If I have works that are almost submitted to journals, or are in journal review, is it appropriate to include these on my CV?

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    if they are under review, then simply write under review after citing them without mentioning the journal or proceeding. I've seen many do that. But I know someone who mention in some of his papers ideas and cite them as under review but I am sure that they have never been even considered for publication. I dont know if this is ethical or not though.
    – AJed
    Jan 28, 2013 at 23:51
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    FWIW - this is for a post-doctoral application to a facility in the US.
    – user5776
    Jan 29, 2013 at 18:10
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    'almost submitted' = 'in preparation' Use that specific term. They will know what you mean. Like others said, just be prepared to provide a draft if asked to do so. Oct 29, 2015 at 17:02

5 Answers 5


Don't put anything in your CV you cannot justify if asked. A CV is not just a list of your accomplishments, it's a list of material you can provide to a recruiting committee in order to help them make a decision.

In a same way that if you claim to have a given degree, you should be ready to provide the corresponding credentials, if you claim to you have a paper under review, you should be ready to provide the submission.

In other words, you can list in your CV your submitted work, but not the pieces of work that are "almost submitted", unless you're ready to provide the draft if asked (the question is: if the draft is not submitted, that probably means it's not ready, therefore can you provide it?). If it's possible with the journal/conference policy, you can even put your submitted version on a pre-print site, such as arXiv.

On going work can go into the "research statement" part of your CV, where you can explain the different ideas you're working on, and even give the key concepts.

  • 8
    To extend this, if you aren't prepared to justify it, don't list it on your resume. I've interviewed too many candidates who listed a boatload of skills that, when pressed, they couldn't back up in practice; it didn't work out for them. The same applies here.
    – eykanal
    Jan 29, 2013 at 2:27

I will usually list things that are on the arxiv. They can be viewed as tech reports, so I don't see the harm in doing so.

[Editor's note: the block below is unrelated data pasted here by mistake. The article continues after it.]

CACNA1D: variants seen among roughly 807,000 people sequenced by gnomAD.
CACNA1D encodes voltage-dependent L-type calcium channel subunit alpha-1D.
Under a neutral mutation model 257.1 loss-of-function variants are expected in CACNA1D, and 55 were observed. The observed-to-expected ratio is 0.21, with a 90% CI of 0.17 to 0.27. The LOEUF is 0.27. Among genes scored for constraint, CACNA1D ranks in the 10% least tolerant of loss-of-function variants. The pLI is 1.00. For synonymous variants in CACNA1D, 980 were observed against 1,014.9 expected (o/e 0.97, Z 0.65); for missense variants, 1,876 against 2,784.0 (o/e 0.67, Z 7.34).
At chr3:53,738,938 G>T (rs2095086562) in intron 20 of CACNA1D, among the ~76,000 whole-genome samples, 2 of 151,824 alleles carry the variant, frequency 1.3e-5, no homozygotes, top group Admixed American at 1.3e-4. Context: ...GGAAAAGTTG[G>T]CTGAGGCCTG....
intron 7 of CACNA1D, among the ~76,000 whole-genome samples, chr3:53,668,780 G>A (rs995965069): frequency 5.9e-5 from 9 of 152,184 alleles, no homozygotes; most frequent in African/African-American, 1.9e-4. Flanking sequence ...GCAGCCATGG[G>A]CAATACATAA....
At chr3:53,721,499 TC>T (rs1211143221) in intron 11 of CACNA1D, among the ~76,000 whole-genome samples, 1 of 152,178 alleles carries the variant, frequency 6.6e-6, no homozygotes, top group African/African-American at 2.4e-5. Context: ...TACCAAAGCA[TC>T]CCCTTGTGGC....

Where it gets tricky is if (for example) you submit to a double blind conference. In such a case adding the paper to your CV might be viewed as a breach of the process.

But in general my view is that if you have the paper posted on your web page (and you should!) or on the arxiv, then it's perfectly fine to list it.


Okay, it seems I have to play devil's advocate again… because my position on this is different from Charles' answer.

My CV lists my scientific production separated between peer-reviewed articles, non-peer reviewed articles (I have none, but it could happen), invited conferences, oral conferences. As such, I would definitely not put a non-published paper among the “publications”, especially not among the peer-reviewed ones. In my field, it is rare to publish (in the sense of “make publicly available”) a manuscript before it is accepted (chemists don't use arXiV much, because most journals prohibit it), so I find it weird to list unpublished material in a CV.

So, because you didn't tell us your field, I would say beware:

  • if your manuscript is unpublished, it's not a publication, don't list it as such
  • if it's published (arXiV or your website or other) while in review, clearly mark it as such (and don't list it as peer-reviewed)

I would say that the “under work” manuscripts do not add much information anyway. The topic they cover is surely already covered by your research statement (or list of research interests), so why would a hirer care about whether you are writing this paper or that paper?

  • 19
    "why would a hirer care about whether you are writing this paper or that paper?" There's a difference between a research statement saying you're interested in something and actually producing work. Beyond that, for postdocs and the like, work currently in the pipeline may represent a fair amount of their overall productivity.
    – Fomite
    Nov 3, 2014 at 18:10

I have a Publications section on my CV with Peer Reviewed Publications, Submitted for Publication, Conference Publications and Presentations, Invited Lectures and Seminars, and Reports.

For the manuscripts that have been submitted for publication I just put the authors, title, and I put (submitted) as the year.

I see people include the journal they submitted to, but I don't think that's appropriate since it unjustifiably uses the reputation of the journal to bolster your reputation. Anyone can submit anything to Nature or Science.

I also recently had a PhD applicant say they had submitted a manuscript to relatively good journal. I asked for a copy and the article was in no way suitable for the journal they submitted to.

I never put in-prep on my CV, since it's practically meaningless.


Another thing to think about is the rules of funding agencies and other people to whom you might submit these CV's. In German and EU funding applications, only accepted papers can be listed as part of an author's "publications" list. Work that is in review, no matter how far along the review process, cannot be listed until an acceptance notification has been given.

However, it's also not clear what stage of your career you're in. If you're applying, for instance, for a post-doctoral position, then it would probably make some sense to mention manuscripts under review. Normally, in such cases, the CV isn't going to a committee—usually it's just the advisor himself.

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